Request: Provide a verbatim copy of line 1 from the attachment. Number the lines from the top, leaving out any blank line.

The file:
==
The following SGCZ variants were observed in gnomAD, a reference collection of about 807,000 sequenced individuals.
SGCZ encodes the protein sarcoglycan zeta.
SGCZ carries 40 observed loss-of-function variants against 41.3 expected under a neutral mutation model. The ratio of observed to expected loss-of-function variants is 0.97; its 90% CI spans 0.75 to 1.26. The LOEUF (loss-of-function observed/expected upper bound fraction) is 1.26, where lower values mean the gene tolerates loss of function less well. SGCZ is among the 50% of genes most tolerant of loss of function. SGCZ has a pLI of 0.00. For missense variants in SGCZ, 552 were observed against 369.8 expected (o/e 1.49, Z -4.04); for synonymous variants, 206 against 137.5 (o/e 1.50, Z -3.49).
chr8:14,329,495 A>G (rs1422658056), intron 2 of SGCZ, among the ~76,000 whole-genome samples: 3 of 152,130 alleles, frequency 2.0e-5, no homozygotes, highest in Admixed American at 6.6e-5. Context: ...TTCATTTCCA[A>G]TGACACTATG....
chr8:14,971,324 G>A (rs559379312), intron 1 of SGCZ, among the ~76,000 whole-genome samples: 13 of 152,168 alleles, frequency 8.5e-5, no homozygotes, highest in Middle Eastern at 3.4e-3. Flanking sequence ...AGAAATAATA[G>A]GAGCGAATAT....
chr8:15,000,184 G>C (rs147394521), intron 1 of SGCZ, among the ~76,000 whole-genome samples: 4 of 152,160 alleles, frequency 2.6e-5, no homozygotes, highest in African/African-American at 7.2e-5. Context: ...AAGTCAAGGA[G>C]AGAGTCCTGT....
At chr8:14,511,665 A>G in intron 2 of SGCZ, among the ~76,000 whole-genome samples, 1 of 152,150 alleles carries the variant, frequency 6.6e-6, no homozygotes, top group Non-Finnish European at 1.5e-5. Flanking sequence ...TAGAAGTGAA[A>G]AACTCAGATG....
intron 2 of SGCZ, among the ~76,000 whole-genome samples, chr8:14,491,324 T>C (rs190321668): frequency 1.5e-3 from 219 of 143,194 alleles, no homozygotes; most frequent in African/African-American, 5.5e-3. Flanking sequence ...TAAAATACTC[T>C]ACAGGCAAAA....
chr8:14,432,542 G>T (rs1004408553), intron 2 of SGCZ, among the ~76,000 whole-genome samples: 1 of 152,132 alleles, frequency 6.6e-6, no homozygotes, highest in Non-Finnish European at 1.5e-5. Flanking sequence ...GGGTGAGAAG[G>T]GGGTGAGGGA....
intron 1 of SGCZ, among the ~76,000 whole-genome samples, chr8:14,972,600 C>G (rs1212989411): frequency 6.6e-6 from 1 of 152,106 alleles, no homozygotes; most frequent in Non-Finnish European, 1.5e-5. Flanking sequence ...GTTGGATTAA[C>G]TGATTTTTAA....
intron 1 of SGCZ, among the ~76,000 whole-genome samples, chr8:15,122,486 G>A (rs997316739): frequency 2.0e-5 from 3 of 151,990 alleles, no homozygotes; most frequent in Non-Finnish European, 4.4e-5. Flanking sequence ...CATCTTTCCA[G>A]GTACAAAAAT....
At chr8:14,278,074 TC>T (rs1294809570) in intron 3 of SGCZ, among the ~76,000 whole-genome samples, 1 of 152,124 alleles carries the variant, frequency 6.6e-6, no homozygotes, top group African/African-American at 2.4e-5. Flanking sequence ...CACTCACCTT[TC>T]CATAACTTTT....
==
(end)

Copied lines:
The following SGCZ variants were observed in gnomAD, a reference collection of about 807,000 sequenced individuals.